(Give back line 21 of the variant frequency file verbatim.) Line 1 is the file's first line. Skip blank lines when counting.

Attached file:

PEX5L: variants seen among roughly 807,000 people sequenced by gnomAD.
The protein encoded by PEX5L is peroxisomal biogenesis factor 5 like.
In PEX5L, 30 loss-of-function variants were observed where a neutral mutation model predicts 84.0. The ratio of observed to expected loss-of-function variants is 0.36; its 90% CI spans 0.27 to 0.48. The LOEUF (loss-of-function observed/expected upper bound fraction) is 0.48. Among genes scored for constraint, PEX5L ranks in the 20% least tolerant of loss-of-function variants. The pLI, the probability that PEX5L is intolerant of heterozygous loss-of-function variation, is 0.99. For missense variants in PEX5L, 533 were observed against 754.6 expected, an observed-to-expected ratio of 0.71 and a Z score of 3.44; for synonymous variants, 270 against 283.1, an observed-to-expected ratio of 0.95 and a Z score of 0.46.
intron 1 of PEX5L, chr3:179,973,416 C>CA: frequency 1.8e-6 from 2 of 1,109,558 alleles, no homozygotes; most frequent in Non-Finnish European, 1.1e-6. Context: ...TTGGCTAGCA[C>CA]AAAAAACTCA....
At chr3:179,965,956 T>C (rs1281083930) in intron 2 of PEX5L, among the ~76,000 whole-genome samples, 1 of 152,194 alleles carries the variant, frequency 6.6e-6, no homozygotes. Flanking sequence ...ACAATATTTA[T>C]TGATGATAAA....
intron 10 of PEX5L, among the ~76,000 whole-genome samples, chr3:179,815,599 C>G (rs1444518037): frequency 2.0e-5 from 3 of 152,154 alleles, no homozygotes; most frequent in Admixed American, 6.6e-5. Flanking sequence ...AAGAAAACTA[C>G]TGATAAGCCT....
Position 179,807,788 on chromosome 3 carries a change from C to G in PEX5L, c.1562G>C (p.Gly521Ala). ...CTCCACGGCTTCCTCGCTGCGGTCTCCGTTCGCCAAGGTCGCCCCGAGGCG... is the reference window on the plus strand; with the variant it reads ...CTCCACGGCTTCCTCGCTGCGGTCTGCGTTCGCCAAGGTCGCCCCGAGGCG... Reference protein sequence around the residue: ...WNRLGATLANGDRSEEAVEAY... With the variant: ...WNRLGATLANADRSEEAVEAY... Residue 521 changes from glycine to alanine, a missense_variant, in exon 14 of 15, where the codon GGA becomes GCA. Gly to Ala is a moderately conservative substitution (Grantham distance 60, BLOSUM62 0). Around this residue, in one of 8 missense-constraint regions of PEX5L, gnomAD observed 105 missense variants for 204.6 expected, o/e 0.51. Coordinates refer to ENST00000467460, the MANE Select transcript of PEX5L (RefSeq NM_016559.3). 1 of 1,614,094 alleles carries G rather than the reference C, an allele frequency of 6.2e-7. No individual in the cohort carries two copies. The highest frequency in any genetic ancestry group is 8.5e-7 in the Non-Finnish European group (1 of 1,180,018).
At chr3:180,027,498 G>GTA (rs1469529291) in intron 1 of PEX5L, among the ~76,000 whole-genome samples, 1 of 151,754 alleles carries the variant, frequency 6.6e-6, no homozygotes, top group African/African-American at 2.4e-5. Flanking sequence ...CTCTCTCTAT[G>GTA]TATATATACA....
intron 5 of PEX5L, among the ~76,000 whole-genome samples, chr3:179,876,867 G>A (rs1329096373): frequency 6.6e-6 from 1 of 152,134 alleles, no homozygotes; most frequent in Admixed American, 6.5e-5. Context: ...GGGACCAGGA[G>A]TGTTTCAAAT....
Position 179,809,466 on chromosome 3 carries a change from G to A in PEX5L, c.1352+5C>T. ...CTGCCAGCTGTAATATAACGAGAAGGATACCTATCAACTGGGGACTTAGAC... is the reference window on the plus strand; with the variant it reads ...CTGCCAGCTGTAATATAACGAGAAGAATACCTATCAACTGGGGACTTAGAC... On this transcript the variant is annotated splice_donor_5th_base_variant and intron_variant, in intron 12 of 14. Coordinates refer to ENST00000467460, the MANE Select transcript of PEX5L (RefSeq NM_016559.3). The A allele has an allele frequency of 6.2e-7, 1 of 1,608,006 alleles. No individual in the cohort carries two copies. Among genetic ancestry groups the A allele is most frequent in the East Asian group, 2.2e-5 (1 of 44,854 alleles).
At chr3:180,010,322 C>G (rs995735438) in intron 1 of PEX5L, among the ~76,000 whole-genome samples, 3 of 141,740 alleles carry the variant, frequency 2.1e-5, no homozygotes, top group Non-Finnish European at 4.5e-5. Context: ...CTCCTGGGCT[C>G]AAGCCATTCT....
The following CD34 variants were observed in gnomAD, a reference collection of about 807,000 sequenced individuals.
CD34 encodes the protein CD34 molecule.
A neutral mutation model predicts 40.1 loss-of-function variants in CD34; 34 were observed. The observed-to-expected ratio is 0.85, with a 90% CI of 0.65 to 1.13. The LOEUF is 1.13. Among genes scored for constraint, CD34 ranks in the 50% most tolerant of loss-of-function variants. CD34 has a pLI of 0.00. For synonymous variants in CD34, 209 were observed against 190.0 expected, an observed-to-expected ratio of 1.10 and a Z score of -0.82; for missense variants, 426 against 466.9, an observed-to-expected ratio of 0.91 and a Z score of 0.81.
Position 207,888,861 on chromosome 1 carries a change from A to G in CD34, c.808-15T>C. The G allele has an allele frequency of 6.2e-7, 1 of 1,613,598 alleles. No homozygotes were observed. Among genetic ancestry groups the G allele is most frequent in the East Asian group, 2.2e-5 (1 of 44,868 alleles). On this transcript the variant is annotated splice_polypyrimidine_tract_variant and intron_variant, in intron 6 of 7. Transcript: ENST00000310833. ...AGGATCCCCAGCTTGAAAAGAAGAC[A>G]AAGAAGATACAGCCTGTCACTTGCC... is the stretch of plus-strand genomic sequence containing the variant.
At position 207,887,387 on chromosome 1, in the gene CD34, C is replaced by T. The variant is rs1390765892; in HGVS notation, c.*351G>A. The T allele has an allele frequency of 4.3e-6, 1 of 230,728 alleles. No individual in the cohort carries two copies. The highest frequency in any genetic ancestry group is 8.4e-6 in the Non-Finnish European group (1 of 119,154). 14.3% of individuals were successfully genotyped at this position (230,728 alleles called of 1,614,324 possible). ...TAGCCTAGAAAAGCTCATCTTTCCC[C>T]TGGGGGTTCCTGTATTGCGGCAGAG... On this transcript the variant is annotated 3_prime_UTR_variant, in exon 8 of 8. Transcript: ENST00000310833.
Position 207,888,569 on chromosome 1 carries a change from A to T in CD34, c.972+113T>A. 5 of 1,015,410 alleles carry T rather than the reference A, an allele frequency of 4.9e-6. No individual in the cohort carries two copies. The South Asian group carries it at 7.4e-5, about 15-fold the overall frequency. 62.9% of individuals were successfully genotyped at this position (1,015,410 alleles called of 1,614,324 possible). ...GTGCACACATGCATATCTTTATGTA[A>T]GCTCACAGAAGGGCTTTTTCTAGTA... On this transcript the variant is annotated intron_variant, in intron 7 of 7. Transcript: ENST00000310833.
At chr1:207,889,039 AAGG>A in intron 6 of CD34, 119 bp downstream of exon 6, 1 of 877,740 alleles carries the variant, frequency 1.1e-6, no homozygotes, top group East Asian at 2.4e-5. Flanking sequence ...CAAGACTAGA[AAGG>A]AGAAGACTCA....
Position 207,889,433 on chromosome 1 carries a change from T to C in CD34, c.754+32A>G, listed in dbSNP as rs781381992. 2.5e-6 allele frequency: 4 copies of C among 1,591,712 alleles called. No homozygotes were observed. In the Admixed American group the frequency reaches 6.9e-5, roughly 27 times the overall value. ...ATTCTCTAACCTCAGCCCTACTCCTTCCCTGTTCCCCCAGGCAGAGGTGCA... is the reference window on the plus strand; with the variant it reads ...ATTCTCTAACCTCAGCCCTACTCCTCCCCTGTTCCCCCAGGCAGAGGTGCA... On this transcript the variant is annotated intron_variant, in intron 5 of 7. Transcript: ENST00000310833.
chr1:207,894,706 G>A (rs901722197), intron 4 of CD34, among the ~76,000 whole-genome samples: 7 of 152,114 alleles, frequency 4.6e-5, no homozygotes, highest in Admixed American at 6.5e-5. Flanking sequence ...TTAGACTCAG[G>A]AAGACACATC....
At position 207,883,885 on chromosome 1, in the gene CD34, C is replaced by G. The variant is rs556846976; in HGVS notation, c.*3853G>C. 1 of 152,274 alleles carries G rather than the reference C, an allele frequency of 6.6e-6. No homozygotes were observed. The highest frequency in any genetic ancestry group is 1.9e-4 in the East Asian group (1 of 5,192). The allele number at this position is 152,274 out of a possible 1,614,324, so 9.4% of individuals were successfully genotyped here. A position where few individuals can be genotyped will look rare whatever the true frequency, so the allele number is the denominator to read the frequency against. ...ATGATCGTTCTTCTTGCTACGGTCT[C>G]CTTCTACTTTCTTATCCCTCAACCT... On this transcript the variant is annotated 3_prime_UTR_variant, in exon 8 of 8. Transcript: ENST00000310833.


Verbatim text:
At position 207,883,885 on chromosome 1, in the gene CD34, C is replaced by G. The variant is rs556846976; in HGVS notation, c.*3853G>C. 1 of 152,274 alleles carries G rather than the reference C, an allele frequency of 6.6e-6. No homozygotes were observed. The highest frequency in any genetic ancestry group is 1.9e-4 in the East Asian group (1 of 5,192). The allele number at this position is 152,274 out of a possible 1,614,324, so 9.4% of individuals were successfully genotyped here. A position where few individuals can be genotyped will look rare whatever the true frequency, so the allele number is the denominator to read the frequency against. ...ATGATCGTTCTTCTTGCTACGGTCT[C>G]CTTCTACTTTCTTATCCCTCAACCT... On this transcript the variant is annotated 3_prime_UTR_variant, in exon 8 of 8. Transcript: ENST00000310833.